Neanderthal DNA discovery solves a human history mystery
"their shared history"
For what felt like forever, evolutionary researchers were frustrated: They simply could not find the Neanderthal Y chromosome — there were just no good samples to be found.
The Y chromosome is only possessed by males, passed exclusively from father to son. The issue was the lack of robust DNA from Neanderthal men, which had been preserved badly in comparison to the females’.
However, scientists have finally managed to get their hands on some. In a study published in September of this year, a team of researchers used an unorthodox method to fish out some Y chromosome molecules from three male Neanderthals who lived around 38,000 to 53,000 years ago.
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Taking a somewhat unconventional approach, they reconstructed the molecules from the microbial DNA that inhabited the ancient bones and teeth. In the process, they gained fascinating insights into our long-extinct relatives.
What was discovered — It turns out, Neanderthals were so-called stripped of their masculinity when we, the Homo sapiens, mated with Neanderthal women over 100,000 years ago. This species crossover resulted in the Neanderthal Y being slowly bred out over time, and the human Y chromosome taking up its place.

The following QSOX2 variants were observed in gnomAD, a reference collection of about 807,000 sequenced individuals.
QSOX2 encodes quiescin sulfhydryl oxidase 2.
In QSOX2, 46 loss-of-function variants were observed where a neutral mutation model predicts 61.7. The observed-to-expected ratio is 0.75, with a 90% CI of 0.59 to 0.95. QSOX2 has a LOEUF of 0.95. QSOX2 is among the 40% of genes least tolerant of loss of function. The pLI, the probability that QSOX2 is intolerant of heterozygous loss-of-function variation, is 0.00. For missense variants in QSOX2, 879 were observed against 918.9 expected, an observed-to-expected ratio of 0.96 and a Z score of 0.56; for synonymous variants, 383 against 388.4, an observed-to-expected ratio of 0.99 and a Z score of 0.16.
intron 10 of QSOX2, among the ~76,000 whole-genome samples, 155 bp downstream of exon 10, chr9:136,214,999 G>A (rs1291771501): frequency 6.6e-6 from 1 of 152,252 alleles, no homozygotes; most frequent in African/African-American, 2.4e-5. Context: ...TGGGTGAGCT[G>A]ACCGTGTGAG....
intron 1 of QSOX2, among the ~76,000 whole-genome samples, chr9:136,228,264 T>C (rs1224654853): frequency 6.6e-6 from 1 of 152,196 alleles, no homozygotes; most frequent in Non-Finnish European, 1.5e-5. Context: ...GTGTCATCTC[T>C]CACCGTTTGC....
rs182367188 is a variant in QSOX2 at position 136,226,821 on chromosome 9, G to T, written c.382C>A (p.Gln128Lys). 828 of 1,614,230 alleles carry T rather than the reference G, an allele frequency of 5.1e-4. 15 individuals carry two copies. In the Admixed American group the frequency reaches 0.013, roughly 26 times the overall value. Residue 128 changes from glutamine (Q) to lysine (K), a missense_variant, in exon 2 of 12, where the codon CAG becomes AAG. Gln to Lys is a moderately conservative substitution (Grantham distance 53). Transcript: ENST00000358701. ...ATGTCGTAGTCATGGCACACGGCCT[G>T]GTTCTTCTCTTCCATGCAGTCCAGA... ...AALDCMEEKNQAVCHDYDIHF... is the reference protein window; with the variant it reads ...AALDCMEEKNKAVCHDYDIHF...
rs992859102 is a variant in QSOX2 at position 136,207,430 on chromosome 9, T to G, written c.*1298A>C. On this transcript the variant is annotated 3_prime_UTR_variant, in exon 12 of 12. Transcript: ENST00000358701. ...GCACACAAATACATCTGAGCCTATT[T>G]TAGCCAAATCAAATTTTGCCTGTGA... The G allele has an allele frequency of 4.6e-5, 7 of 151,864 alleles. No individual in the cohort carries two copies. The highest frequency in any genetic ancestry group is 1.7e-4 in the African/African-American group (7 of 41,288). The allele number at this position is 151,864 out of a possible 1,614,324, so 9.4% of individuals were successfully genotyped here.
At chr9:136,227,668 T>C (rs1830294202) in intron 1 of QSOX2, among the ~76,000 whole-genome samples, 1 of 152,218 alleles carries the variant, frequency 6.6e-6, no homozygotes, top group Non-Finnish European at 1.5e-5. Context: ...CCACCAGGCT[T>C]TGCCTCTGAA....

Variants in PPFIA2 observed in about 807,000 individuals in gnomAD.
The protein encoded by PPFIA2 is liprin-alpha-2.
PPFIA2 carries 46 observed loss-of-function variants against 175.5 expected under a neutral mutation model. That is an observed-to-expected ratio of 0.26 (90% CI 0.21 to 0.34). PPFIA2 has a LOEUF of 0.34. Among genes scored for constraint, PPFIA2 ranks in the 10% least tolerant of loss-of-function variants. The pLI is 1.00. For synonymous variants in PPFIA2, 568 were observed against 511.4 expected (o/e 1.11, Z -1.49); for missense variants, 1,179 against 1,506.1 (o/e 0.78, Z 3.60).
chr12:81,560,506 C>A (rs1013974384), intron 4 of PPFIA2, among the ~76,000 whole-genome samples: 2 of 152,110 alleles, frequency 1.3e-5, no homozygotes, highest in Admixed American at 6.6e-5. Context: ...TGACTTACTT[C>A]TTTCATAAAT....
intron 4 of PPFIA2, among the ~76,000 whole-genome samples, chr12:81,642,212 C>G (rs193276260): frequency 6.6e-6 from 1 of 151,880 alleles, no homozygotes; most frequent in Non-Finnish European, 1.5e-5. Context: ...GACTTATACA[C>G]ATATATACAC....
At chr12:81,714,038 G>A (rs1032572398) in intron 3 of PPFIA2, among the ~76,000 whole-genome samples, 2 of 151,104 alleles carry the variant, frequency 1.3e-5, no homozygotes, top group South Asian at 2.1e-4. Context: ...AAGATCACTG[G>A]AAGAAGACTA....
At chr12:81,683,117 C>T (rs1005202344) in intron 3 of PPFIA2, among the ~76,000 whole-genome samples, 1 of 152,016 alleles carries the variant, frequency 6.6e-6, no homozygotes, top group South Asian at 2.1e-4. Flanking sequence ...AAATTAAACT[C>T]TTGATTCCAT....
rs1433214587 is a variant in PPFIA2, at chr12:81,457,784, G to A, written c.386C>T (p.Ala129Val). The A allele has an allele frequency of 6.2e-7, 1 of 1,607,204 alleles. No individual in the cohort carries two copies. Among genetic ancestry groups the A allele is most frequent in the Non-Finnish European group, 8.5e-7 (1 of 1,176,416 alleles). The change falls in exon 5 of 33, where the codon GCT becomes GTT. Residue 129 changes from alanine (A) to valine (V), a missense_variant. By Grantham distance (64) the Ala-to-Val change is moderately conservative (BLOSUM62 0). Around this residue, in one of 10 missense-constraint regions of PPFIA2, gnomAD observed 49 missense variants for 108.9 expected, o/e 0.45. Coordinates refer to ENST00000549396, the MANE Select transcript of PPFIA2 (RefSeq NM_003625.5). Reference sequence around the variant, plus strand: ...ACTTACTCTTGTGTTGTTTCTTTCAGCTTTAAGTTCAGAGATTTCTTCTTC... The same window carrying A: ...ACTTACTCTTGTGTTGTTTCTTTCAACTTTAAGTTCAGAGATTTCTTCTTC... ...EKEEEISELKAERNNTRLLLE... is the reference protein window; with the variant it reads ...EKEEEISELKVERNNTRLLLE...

The researchers were also able to reconstruct the Y chromosomes of two male Denisovans, the close cousins of Neanderthals who inhabited much of Asia. Surprisingly, the researchers discovered that the Neanderthal and modern human Y chromosomes were more alike in comparison to the Denisovan Y chromosomes.
This may have happened simply because the “Denisovans were so far East that they did not encounter these very early modern human groups,” Martin Petr, the first author of the paper and a postdoctoral candidate at the Max Planck Institute for Evolutionary Anthropology, and Janet Kelso, the paper’s senior author and a professor at the Institute, told Inverse.
“The fact that Neanderthal Y chromosomes are more similar to modern humans than Denisovans is very exciting as it provides us with a clear insight into their shared history.”
Why did the human Y chromosome overtake the Neanderthals’? — We could point to natural selection as the culprit, due to the fact that the Neanderthals had started to harbor some deleterious mutations in their DNA, which would explain why human DNA would oust it.
These findings provide us with new intel on the interactions between us and our ancient-human relatives — suggesting that they may have met and began to mate as early as 370,000 years ago.
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